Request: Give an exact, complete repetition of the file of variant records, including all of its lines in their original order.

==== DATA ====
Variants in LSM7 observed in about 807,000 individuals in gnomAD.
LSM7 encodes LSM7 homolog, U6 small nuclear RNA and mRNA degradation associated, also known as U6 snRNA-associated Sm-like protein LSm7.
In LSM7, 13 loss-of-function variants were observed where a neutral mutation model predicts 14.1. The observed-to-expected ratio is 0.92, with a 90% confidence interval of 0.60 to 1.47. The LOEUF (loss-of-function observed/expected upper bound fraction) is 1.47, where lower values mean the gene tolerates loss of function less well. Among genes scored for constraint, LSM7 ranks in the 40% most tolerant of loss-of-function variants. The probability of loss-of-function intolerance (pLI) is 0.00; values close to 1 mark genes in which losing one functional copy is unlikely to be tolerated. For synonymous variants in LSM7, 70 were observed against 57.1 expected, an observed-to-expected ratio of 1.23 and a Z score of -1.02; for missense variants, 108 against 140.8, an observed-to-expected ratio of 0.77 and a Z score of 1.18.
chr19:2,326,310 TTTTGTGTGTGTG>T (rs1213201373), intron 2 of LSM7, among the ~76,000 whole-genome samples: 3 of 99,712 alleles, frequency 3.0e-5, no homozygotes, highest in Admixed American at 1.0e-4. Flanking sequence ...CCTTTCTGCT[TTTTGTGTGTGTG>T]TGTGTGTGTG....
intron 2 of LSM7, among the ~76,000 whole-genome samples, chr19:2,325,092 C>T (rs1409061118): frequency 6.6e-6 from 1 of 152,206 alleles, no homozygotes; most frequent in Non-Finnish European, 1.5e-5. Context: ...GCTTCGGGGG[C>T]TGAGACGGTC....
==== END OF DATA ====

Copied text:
Variants in LSM7 observed in about 807,000 individuals in gnomAD.
LSM7 encodes LSM7 homolog, U6 small nuclear RNA and mRNA degradation associated, also known as U6 snRNA-associated Sm-like protein LSm7.
In LSM7, 13 loss-of-function variants were observed where a neutral mutation model predicts 14.1. The observed-to-expected ratio is 0.92, with a 90% confidence interval of 0.60 to 1.47. The LOEUF (loss-of-function observed/expected upper bound fraction) is 1.47, where lower values mean the gene tolerates loss of function less well. Among genes scored for constraint, LSM7 ranks in the 40% most tolerant of loss-of-function variants. The probability of loss-of-function intolerance (pLI) is 0.00; values close to 1 mark genes in which losing one functional copy is unlikely to be tolerated. For synonymous variants in LSM7, 70 were observed against 57.1 expected, an observed-to-expected ratio of 1.23 and a Z score of -1.02; for missense variants, 108 against 140.8, an observed-to-expected ratio of 0.77 and a Z score of 1.18.
chr19:2,326,310 TTTTGTGTGTGTG>T (rs1213201373), intron 2 of LSM7, among the ~76,000 whole-genome samples: 3 of 99,712 alleles, frequency 3.0e-5, no homozygotes, highest in Admixed American at 1.0e-4. Flanking sequence ...CCTTTCTGCT[TTTTGTGTGTGTG>T]TGTGTGTGTG....
intron 2 of LSM7, among the ~76,000 whole-genome samples, chr19:2,325,092 C>T (rs1409061118): frequency 6.6e-6 from 1 of 152,206 alleles, no homozygotes; most frequent in Non-Finnish European, 1.5e-5. Context: ...GCTTCGGGGG[C>T]TGAGACGGTC....